Posts Tagged ‘Suffering’

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Language

December 21, 2011

I love it when Clergy swear; it makes them so much more, well, human.

I don’t think I’d heard a member of clergy swear twice in one sentence until yesterday; I was in Prison, delivering Christmas Cards (as you do) with one of the Chaplains. We also wound up doing a one-to-one (or two-to-one as I was shadowing the Chaplain). We’d spent near on 40 minutes with a very anxious man, who’d not seen his family for months, because they’re all 3 hours away and they can’t afford to visit and his gran is too sick to travel that far, either. He had requested, numerous times, to ask to be transferred to a prison nearer his family (which they do), but he’s not heard anything back, which I’m sure you understand is very distressing for him. So we went to the wing office to ask if they knew anything; and the officers who spoke were being really hard on him essentially calling him a cry baby and trying to play the system (which he said he isn’t, he didn’t want to be put on an ACCT – an obs programme for vulnerable prisoners) and ‘he should have thought about that before he broke the law…’ which is understandable, but at the same time, you’d be a bit down if you’d been in prison months and heard nothing back from all the applications etc. do the prison officers have no compassion? The Chaplain and I walked out the office, down the landing, and said ‘I’m going to swear…… miserable fucking bastards!’ which kinda made me laugh out loud!

Today I was in conversation with another priest, we were discussing a recent set back of mine, (the cause of which shall remain nameless) And in response to some hurtful prose whilst also discussing a difference in culture (and sex), he referred to them with some more colourful language. And, again, I think, I laughed.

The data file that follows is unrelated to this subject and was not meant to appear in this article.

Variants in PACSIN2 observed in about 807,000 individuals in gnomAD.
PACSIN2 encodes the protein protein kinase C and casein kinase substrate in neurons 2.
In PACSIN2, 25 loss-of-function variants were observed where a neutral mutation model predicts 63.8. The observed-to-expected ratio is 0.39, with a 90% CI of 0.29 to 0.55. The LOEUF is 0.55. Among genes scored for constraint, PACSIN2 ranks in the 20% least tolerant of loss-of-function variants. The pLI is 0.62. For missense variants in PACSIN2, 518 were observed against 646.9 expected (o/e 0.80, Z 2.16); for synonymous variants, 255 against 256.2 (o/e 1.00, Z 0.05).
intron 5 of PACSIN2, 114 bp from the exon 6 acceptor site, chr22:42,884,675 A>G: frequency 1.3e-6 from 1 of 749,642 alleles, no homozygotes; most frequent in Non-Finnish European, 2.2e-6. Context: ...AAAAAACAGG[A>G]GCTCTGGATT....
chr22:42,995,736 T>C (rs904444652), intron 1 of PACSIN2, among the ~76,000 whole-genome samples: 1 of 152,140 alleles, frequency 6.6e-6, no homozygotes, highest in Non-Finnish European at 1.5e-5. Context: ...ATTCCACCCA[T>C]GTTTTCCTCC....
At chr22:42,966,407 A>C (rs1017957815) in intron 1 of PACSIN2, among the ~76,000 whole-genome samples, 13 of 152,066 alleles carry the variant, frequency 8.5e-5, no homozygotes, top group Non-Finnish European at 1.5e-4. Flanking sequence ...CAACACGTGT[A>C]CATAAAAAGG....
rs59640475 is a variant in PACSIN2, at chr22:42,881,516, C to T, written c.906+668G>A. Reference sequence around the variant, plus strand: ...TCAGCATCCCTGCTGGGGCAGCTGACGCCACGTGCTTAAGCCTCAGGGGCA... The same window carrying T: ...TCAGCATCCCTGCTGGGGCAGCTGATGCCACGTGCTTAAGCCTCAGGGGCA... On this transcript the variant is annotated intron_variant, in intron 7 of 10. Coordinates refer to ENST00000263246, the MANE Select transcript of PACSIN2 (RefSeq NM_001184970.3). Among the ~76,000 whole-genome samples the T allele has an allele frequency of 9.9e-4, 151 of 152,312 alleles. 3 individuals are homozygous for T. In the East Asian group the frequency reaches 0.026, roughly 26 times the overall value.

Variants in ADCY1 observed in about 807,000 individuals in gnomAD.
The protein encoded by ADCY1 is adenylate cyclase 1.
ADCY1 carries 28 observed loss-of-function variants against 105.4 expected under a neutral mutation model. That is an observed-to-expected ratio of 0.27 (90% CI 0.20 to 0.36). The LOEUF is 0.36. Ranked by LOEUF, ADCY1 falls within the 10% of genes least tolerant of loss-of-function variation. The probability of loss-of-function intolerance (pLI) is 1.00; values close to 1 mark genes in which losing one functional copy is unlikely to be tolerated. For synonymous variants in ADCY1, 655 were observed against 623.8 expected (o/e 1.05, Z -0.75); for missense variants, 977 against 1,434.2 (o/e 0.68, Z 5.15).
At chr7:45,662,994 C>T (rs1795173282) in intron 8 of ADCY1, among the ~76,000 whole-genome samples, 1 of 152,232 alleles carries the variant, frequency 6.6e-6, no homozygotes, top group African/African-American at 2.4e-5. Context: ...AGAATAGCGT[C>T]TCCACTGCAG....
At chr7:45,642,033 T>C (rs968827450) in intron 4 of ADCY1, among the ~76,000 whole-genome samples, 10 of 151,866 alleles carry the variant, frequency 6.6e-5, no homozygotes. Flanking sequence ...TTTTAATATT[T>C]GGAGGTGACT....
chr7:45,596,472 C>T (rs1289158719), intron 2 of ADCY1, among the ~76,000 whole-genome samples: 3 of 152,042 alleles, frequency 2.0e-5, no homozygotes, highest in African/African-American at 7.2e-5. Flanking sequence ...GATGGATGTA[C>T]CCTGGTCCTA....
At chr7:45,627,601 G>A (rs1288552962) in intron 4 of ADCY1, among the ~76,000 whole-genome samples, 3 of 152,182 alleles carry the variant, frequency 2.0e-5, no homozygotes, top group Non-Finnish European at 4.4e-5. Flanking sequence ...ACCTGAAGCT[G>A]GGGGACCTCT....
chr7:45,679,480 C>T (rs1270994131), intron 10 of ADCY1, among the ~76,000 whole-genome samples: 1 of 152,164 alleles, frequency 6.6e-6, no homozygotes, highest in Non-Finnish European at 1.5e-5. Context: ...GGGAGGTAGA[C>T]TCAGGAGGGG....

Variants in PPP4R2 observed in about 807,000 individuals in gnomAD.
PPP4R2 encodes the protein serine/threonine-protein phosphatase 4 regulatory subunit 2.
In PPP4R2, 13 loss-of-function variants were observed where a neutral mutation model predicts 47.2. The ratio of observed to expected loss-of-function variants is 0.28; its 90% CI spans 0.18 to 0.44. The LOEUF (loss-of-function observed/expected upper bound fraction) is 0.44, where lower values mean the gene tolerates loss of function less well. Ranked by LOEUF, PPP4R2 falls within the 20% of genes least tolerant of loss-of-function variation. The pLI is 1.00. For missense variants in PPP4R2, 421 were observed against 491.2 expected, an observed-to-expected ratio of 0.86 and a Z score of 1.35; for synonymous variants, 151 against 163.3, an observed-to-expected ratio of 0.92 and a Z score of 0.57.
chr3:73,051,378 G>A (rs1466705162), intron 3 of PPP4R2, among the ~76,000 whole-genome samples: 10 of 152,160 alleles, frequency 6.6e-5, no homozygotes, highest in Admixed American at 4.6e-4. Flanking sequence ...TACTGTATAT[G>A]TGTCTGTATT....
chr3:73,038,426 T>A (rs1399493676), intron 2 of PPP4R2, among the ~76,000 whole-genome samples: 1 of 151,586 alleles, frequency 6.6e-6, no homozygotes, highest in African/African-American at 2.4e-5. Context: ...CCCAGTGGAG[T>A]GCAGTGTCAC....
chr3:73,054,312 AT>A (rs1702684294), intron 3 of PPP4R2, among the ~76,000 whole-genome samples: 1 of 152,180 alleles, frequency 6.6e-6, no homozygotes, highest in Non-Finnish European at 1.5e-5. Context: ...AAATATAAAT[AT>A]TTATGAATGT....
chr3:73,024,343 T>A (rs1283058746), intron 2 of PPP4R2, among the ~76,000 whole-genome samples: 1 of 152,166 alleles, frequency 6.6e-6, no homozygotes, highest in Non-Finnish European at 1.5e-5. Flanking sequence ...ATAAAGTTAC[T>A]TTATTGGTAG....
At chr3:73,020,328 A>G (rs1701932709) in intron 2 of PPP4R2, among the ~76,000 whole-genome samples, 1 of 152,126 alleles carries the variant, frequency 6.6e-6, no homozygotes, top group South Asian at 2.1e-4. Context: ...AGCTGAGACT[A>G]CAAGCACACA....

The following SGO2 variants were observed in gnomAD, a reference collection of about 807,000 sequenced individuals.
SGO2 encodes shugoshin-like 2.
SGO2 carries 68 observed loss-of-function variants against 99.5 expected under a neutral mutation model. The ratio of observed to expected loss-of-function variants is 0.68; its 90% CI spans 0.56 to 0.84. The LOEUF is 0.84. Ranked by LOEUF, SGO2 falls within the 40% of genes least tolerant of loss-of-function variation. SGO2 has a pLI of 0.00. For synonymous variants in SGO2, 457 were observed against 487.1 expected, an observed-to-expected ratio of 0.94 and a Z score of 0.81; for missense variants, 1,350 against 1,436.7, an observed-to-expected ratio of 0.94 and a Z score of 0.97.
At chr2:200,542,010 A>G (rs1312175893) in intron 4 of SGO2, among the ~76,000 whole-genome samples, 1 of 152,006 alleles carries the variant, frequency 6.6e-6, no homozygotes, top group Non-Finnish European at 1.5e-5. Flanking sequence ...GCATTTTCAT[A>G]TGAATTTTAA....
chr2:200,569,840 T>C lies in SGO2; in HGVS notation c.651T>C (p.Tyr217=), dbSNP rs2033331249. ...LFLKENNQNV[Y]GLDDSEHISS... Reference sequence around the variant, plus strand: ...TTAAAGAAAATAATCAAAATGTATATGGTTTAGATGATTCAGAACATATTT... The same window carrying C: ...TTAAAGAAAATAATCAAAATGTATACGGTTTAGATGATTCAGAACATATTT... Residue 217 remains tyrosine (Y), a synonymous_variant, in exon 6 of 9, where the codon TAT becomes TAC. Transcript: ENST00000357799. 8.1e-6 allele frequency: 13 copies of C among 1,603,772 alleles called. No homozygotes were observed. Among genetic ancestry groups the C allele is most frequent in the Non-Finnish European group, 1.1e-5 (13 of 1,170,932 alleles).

On the whole I try not to use bad language; but sometimes I think it helps just to clear the air, to let off steam and feelings about something(or one). And both occasions to which I refer in this post, were, I add, in confidential spaces; they were no prisoners in hearing distance, and the Vestry isn’t exactly consecrated ground, anyway!

N.b. I do not endorse clergy swearing.

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Free to be me

March 29, 2011

Here’s (yet) another poem on the subject of M.E.:

Free to be me

Once upon a time,
I could think of a rhyme
that was not about M.E.
rather, me.

Caught up in the fog,
left me stuck in a bog.
And I’m trapped,
trapped by the walls of M.E.

Sleepless nights
will bring me no more frights,
because of my identity
(and that’s not in M.E.)

Fighting the fatigue
that did not belong to me.

I have a retreat,
where I can hear the birds tweet,
in the sanctuary
of rest.

I’m not defined by the rain,
even when I’m dancing,
and in pain.

My identity is free;
free from M.E.
free to be me.

Free to be
the woman God called me to be;
me.

In my weakness,
the weakness of M.E.,
I had no choice
but to rely on The One you despise.

You can tear me apart,
you can wound my heart.
But you may hold me no longer;
this fight has only made me stronger.

Because He died,
He died for me.
He died so that I,
could be free.

Free, from the pain,
the rain,
of this world.
From the things that bound me
to M.E.

And I’m
Free to be
the woman God called me to be;
me.

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Protected: Well done NHS

December 3, 2010

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Superheros

December 2, 2010
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Exhaustion

November 30, 2010

12.5 hours without leaving the church building + M.E. = one crashed-out Lizzie.

Sigh.

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Catching up, God hears and answers our prayers

November 29, 2010

So, I’m in the process of catching up with life, the universe and everything. I’m trying to keep things in some sort of logical order, which to me would mean some sort of vague chronology to them.